A food-related post will be coming either Sunday or Monday; in the meantime, I really feel the need to talk more about the mental side of running, as that's often where the trouble first starts.
When it comes to running, I've seen many runners put too much stock in whether or not they're able to run. After posing this question to myself, especially thinking back on when I was injured, I realized I didn't want my mood or my life to be determined by running in the sense that I'd be a grouch to everyone around me if I didn't get my run in, or I'd fall into a depression if I got injured.
This realization came to me this past summer as I, you guessed it, had a minor injury. "No! I have goals this summer! Races to run, PRs to set! I don't have time for this injury," I cried out to, well, no one. Though meeting those goals was a struggle, heck even wanting to run became a struggle, it then hit me -- shouldn't running be something I want to do instead of just a run to be checked off on my log? That was it--I lost the joy and enthusiasm I had when I first started running and didn't have a clue.
My first ever running plan came from Cooking Light. My mileage totaled 9-15 miles a week, but I never noticed since the miles didn't matter. Yet, I felt great. I didn't even know what my average pace was.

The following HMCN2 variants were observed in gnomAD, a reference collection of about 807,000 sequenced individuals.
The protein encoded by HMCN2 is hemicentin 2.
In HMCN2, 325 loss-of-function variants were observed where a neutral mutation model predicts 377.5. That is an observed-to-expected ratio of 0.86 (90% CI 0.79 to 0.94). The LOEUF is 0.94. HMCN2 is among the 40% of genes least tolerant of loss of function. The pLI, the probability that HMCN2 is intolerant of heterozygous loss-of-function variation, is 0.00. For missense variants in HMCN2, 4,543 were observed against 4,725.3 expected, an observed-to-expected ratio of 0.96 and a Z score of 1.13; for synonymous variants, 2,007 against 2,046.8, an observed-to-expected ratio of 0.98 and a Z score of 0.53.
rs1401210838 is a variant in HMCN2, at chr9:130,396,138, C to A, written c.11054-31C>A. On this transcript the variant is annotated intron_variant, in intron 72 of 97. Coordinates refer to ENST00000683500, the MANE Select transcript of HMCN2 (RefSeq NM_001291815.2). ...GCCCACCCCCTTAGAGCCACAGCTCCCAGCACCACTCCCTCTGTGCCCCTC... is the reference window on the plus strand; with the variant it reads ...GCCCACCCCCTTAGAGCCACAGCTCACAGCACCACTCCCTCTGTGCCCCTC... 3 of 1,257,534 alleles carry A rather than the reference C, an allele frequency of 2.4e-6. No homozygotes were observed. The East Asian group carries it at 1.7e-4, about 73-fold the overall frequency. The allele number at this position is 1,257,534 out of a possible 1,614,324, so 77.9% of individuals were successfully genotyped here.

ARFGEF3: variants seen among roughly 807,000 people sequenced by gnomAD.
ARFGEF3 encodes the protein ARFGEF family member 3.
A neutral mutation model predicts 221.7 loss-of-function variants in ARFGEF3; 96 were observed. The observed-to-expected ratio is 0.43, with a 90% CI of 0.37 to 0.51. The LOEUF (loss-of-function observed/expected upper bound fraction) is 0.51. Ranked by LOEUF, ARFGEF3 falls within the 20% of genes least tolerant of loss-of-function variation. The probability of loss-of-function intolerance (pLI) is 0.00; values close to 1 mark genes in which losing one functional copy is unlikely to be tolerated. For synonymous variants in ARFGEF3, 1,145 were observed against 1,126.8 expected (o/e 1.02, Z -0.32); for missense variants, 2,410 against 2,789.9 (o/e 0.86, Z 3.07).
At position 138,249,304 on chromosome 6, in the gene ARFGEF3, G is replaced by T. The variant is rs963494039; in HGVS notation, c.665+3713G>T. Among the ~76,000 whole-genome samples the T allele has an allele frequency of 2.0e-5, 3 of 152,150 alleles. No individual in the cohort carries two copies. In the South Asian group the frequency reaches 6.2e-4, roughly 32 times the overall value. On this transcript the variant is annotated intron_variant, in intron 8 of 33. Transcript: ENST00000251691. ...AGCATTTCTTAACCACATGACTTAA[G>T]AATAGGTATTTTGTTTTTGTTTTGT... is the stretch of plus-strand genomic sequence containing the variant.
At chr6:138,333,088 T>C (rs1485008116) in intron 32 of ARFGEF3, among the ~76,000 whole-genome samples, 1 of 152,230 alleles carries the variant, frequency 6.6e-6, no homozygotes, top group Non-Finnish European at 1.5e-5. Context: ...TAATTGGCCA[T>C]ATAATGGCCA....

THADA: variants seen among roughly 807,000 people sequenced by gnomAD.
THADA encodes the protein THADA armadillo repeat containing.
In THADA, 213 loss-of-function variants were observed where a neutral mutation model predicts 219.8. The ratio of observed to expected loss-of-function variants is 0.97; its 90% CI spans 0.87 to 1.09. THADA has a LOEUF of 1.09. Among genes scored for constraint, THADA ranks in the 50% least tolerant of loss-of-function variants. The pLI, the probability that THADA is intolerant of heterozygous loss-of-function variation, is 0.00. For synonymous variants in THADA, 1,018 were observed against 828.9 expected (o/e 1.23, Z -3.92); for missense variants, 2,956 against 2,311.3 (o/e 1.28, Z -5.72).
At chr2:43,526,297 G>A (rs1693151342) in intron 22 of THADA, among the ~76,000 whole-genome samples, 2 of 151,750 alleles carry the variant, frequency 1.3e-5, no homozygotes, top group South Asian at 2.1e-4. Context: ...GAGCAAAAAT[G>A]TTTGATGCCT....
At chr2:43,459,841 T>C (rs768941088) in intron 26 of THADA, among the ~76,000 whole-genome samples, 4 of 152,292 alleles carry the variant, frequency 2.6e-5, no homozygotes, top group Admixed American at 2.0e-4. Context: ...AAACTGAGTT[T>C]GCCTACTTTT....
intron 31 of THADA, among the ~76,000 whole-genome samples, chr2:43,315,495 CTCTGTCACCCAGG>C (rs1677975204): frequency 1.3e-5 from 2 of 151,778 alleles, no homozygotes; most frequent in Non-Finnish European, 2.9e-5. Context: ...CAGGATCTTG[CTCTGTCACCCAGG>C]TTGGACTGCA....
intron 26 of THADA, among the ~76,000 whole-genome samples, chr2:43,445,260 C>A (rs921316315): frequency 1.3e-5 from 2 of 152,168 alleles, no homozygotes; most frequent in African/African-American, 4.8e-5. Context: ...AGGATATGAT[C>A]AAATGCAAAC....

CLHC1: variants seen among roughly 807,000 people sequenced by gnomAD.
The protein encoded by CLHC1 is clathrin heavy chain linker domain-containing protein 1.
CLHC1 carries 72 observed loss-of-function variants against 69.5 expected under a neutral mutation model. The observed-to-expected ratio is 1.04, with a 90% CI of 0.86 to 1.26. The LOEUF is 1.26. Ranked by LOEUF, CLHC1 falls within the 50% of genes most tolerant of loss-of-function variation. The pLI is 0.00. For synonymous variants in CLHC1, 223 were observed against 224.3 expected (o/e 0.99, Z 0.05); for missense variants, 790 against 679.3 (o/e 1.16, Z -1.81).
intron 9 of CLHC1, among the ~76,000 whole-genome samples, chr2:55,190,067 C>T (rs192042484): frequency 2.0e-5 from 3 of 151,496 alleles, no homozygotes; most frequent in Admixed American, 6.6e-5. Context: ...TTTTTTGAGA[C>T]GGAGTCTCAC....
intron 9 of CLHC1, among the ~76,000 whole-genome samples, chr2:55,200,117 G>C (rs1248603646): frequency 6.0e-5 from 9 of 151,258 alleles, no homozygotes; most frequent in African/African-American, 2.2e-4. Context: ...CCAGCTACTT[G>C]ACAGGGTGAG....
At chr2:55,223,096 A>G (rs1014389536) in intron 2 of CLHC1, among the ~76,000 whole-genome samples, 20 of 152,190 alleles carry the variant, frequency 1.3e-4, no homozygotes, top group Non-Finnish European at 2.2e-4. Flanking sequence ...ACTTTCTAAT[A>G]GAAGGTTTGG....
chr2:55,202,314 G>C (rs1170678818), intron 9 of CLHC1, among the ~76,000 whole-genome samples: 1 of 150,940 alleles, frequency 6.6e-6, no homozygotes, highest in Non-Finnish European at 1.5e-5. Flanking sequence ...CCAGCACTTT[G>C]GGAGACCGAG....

My new goal was to combine my current knowledge of running with my "innocence" from before. I started off by running timed runs instead of mile-based, though a little structured in the sense that I knew the total miles I would be running, just not the mile marks. I ran by how my body felt instead of what my watch was telling me. I used to have this incredible sense of pacing that I lost because I quit running the race and was running the miles within the race. My first split was WHAT? Unacceptable! I started off slowly, going out for 50 minutes (this being determined by what my average mileage had been before). Pretty soon I decided to go out further. When I got back and mapped it out, I realized it totaled 10 miles. Huh? Ten enjoyable miles? Miles I didn't struggle with halfway through? Yes, that's right. Thinking back, I did enjoy the run. I didn't necessarily let my mind wander off, but I appreciated the nature and the minute things I ceased to notice before that made running fun at the beginning.
And now I will pose this question to you: Has your running turned into a checkoff list, or do you still want to be out on the road? When we decide that we "are" something, I am a runner, I am a knitter, I'm a cook, we often cease to set realistic boundaries because it's a major part of our lives when, really, that's why it needs boundaries or we'll slowly become wrapped up in a bubble. Unless it's your job, we have other facets of our lives, and if we can't run (for whatever reason), we have "fallback" activities that are a part of us. The whole reason we start something is because we enjoy it, so make sure that you still do.